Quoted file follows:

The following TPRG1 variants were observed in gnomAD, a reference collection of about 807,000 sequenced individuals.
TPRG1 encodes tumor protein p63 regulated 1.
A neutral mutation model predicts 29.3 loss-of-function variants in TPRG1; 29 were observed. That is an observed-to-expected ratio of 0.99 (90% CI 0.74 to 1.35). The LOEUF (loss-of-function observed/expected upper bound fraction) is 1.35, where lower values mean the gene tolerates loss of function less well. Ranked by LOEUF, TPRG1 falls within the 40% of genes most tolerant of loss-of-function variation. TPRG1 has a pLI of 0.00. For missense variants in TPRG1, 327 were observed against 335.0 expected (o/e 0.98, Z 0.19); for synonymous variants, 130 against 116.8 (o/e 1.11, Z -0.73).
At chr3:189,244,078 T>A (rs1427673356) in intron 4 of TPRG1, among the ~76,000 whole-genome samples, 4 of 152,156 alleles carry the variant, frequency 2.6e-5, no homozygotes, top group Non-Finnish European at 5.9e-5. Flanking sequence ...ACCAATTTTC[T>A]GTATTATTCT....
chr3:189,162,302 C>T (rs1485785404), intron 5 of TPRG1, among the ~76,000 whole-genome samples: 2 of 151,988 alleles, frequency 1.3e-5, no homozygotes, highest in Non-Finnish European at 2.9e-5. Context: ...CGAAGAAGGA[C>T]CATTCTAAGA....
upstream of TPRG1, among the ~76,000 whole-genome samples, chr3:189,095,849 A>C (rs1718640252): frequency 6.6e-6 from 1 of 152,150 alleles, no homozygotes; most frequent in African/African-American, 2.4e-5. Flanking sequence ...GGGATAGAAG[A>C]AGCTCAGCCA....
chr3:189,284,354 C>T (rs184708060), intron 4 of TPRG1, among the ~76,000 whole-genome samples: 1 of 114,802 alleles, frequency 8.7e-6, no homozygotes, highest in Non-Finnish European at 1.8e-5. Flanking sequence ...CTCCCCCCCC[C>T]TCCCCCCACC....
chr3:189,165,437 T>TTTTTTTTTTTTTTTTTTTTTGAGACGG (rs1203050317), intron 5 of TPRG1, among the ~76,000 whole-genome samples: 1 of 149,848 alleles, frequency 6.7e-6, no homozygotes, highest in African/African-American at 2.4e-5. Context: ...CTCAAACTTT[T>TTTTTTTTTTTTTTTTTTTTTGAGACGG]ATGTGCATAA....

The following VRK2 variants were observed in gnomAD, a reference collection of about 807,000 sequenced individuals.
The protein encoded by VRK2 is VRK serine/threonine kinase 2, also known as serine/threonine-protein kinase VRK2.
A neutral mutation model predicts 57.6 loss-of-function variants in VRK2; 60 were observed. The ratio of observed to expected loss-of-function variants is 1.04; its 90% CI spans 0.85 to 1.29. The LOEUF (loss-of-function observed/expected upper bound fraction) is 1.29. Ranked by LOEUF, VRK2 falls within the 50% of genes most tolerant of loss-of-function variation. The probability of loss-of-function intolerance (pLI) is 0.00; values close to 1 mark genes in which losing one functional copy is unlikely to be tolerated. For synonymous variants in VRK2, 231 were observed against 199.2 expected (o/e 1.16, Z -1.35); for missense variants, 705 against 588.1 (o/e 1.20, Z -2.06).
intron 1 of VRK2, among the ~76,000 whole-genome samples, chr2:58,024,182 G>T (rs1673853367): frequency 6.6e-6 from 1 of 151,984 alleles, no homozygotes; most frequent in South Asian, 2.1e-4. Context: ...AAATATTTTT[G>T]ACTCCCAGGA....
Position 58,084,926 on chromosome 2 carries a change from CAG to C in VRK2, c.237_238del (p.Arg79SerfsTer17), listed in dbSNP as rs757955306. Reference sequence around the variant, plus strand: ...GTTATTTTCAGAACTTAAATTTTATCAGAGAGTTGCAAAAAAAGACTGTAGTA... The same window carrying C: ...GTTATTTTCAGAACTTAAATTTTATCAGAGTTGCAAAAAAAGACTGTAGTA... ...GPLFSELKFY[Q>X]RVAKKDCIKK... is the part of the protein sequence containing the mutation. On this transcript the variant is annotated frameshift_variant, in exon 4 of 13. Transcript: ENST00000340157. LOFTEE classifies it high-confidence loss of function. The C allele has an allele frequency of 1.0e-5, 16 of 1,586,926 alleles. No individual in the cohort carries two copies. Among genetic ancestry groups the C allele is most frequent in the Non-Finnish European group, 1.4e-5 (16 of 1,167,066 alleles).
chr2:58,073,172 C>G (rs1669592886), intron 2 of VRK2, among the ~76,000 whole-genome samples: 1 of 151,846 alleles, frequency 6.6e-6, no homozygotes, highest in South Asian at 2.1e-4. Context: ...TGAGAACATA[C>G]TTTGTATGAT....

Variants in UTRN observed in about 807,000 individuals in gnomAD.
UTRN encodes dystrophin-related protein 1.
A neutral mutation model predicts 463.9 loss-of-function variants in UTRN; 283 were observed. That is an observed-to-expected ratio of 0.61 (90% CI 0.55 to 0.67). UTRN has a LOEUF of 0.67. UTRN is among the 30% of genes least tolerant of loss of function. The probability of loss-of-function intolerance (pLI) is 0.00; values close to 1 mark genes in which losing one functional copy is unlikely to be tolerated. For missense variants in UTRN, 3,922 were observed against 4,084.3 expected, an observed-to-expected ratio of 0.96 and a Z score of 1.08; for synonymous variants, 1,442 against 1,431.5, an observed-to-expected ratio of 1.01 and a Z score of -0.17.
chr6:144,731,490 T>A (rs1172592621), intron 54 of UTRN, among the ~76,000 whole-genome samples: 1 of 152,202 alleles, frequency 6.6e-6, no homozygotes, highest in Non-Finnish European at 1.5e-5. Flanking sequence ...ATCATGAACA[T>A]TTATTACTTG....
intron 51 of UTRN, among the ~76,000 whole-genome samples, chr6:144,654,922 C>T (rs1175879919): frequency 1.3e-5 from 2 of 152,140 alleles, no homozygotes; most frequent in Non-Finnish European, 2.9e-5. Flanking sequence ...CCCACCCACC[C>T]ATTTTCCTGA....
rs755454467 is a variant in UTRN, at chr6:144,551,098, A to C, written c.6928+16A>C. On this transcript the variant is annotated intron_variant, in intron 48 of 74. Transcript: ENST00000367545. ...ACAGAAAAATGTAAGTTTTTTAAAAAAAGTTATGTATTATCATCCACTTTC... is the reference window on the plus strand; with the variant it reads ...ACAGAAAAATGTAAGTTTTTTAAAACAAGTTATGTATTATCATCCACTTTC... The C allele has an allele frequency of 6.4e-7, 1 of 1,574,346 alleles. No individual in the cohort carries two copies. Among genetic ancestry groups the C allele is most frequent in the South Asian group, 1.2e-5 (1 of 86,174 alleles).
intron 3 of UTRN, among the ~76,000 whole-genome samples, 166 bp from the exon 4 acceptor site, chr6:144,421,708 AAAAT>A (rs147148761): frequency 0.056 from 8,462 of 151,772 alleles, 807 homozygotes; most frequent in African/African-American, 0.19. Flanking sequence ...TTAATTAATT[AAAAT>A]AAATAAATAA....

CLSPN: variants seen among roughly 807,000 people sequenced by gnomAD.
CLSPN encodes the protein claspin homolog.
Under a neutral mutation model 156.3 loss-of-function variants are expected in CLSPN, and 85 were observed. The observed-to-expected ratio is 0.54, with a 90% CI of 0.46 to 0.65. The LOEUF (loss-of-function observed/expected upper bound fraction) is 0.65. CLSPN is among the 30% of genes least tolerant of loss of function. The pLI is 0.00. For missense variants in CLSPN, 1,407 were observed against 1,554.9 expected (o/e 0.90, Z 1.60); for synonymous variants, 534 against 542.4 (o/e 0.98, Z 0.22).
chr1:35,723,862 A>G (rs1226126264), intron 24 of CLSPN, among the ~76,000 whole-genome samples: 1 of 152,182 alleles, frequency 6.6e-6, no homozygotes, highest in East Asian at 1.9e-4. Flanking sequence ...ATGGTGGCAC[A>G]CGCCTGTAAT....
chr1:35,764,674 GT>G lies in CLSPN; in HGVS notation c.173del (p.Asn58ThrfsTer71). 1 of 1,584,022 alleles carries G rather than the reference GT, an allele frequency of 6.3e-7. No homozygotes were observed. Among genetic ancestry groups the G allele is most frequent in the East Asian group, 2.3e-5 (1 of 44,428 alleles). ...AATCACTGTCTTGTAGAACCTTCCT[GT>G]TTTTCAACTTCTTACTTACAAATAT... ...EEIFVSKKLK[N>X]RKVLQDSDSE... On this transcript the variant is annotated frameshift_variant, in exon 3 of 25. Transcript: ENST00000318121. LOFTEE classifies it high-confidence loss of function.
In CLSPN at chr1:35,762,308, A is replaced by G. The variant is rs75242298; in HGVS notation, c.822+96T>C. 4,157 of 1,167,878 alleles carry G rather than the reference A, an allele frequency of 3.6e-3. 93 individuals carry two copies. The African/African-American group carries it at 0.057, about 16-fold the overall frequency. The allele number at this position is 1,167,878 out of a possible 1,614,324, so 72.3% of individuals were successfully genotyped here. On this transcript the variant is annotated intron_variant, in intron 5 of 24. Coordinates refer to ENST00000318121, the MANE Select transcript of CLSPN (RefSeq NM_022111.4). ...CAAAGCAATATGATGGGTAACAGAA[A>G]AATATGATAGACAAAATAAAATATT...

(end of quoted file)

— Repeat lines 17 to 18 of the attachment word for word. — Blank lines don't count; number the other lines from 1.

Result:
A neutral mutation model predicts 463.9 loss-of-function variants in UTRN; 283 were observed. That is an observed-to-expected ratio of 0.61 (90% CI 0.55 to 0.67). UTRN has a LOEUF of 0.67. UTRN is among the 30% of genes least tolerant of loss of function. The probability of loss-of-function intolerance (pLI) is 0.00; values close to 1 mark genes in which losing one functional copy is unlikely to be tolerated. For missense variants in UTRN, 3,922 were observed against 4,084.3 expected, an observed-to-expected ratio of 0.96 and a Z score of 1.08; for synonymous variants, 1,442 against 1,431.5, an observed-to-expected ratio of 1.01 and a Z score of -0.17.
chr6:144,731,490 T>A (rs1172592621), intron 54 of UTRN, among the ~76,000 whole-genome samples: 1 of 152,202 alleles, frequency 6.6e-6, no homozygotes, highest in Non-Finnish European at 1.5e-5. Flanking sequence ...ATCATGAACA[T>A]TTATTACTTG....